R.C. 3727.60 (public hospital provision) (forbids any public hospital from entering into a written transfer agreement with an abortion clinic and forbids any public hospital from allowing any physician with staff privileges to use those privileges to enable an abortion clinic in getting a variance.)
Planned Parenthood of Southeastern PA v. Casey, 505 U.S. 833 (1992) (State regulation may have an incidental effect on the availability of medical care. Such an incidental effect is not enough to invalidate a statute. “Only where state regulation imposes an undue burden on a woman’s ability to make this decision does the power of the State reach into the heart of the liberty protected by the Due Process Clause.”)
State of Ohio v. Talty, 2004-Ohio-4888 (The Court will not reach constitutional issues unless absolutely necessary.)
Women’s Med. Prof’l Corp. v. Baird, 438 F.3d 595 (6th Cir. 2006) (A trial court must make factual findings of an undue burden. Further, the Ohio Department of Health Director’s ability to issue a waiver eliminates the possibility of a third-party veto and an unlawful delegation of authority.)
State ex rel. Ohio Civ. Serv. Emps. Assn. v. State, 2016-Ohio-478 (The single-subject rule is intended to prevent logrolling. However, separation of powers requires deference to the General Assembly by liberally interpreting the term “subject”.)
Whole Woman’s Health v. Hellerstedt, 136 S. Ct. 2292 (2016) (Requiring abortion facilities to meet governmental standards that do not promote patient health is an undue burden. Further, the resulting need for women to travel long distances for abortions is an undue burden.)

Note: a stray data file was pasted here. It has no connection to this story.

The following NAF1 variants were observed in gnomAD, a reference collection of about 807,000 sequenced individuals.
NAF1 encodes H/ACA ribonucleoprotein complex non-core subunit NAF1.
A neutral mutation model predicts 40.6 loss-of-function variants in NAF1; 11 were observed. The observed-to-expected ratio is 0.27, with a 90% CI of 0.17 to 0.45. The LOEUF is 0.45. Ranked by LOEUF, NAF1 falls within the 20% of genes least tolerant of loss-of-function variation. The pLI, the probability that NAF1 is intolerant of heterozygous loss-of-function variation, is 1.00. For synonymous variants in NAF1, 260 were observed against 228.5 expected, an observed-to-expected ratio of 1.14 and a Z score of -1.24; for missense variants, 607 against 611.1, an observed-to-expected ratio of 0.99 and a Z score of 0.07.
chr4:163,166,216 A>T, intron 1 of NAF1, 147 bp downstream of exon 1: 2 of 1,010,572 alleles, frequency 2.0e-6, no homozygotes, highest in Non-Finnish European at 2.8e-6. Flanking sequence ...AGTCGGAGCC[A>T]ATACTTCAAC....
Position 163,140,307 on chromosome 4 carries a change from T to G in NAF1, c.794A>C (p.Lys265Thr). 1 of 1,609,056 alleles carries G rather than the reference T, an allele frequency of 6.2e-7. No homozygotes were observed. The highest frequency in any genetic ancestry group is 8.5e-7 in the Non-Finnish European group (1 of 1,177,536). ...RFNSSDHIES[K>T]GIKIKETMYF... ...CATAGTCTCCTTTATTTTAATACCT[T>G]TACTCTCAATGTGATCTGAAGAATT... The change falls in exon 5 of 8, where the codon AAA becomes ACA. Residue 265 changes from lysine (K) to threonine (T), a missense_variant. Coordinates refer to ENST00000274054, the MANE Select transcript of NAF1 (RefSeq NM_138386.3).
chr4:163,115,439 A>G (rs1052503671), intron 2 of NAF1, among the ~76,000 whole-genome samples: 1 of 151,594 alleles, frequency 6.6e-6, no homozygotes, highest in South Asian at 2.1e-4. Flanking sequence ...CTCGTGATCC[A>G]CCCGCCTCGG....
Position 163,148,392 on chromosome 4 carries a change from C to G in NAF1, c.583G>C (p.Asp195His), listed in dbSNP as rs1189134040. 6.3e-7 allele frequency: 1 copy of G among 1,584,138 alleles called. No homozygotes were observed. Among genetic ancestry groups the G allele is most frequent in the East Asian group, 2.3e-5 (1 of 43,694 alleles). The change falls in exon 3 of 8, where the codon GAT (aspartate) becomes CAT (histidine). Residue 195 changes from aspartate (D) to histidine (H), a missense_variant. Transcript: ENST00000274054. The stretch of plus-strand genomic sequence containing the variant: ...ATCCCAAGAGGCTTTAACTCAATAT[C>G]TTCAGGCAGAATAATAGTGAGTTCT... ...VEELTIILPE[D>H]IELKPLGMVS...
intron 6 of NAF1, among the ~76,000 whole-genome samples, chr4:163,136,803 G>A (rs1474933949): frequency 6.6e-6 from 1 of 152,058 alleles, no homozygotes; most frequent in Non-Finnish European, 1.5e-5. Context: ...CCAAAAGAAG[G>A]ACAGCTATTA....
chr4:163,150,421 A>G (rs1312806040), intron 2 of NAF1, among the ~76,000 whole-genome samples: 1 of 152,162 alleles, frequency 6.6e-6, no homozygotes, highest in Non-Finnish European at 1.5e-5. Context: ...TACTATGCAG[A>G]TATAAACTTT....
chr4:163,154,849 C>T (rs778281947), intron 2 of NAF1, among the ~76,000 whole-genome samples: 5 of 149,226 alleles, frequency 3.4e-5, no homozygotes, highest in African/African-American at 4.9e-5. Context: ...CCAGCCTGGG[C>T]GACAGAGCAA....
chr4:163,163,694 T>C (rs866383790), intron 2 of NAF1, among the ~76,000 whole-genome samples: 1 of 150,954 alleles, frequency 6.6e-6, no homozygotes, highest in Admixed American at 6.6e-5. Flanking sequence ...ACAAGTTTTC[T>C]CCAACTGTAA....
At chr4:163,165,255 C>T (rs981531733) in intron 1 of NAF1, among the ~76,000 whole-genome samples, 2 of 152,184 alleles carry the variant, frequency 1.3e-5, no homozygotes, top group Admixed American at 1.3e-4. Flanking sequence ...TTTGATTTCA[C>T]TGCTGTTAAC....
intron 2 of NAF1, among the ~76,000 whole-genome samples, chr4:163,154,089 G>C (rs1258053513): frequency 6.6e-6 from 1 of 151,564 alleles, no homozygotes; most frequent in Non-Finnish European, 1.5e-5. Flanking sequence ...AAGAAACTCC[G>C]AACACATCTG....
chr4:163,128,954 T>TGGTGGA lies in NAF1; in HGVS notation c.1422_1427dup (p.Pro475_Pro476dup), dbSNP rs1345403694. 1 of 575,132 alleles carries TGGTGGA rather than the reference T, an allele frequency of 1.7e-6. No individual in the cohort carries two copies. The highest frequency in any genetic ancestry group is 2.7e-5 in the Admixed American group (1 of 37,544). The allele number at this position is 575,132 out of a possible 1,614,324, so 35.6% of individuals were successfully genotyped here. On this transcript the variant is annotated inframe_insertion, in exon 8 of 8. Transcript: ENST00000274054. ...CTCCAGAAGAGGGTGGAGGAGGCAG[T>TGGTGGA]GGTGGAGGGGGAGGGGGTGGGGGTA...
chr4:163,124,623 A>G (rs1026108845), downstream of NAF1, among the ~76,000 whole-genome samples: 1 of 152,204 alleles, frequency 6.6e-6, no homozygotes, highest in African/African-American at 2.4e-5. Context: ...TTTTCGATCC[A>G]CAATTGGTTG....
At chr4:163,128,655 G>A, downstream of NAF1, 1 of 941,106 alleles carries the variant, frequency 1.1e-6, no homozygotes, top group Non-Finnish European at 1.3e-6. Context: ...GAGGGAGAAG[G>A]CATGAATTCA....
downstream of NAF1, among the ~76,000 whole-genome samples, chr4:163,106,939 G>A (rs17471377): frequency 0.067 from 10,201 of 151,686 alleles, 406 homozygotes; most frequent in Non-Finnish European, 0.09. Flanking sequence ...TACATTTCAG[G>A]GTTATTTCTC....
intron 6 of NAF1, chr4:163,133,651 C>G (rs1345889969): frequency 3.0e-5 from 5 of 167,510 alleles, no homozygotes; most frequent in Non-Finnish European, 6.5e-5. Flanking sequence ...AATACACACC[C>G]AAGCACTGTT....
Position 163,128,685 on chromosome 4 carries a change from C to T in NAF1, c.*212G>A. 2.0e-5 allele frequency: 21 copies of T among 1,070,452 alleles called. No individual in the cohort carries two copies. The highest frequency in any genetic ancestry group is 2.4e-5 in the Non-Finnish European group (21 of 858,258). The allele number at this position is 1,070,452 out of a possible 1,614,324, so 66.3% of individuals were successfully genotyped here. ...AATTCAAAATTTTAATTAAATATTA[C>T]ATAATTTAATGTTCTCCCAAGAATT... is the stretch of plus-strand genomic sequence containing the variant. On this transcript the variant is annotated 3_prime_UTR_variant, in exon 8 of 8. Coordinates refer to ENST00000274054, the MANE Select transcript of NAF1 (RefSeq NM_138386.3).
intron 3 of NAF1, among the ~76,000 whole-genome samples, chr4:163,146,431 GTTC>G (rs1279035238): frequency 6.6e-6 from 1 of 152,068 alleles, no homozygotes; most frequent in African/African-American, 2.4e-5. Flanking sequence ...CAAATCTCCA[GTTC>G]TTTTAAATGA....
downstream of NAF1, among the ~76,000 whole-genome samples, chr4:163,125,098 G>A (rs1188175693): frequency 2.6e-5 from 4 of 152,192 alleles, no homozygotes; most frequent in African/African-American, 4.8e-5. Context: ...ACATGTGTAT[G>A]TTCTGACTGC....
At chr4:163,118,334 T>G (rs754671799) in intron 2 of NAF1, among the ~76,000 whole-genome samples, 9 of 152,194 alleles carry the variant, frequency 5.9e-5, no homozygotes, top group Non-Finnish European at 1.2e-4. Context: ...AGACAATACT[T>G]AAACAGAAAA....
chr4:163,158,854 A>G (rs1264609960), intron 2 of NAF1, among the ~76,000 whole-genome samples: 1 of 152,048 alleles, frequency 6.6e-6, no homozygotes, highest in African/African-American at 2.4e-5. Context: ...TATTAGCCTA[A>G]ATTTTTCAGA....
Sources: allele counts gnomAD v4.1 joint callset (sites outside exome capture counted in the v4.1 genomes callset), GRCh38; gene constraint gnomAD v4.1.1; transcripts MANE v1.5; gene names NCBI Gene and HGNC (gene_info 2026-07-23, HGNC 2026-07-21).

The transfer agreement rule at issue in this case was not displaced by the transfer agreement statute. This case can and should be resolved solely on the basis of Capital Care’s noncompliance with the rule, and therefore the Court need not reach any of the constitutional challenges to the transfer agreement statute. The locality requirement of the statute is an implied requirement of the rule. The statute merely codifies that requirement. The then-Director testified at the administrative hearing that he reviewed transfer agreements under a thirty-minute standard, both before and after the statute was enacted, and the Ann Arbor WTA did not meet that standard. The trial court found the thirty-minute standard reasonable. Capital Care has never questioned the validity of the rule. Thus, the rule, and Capital Care’s violation of the rule, should stand.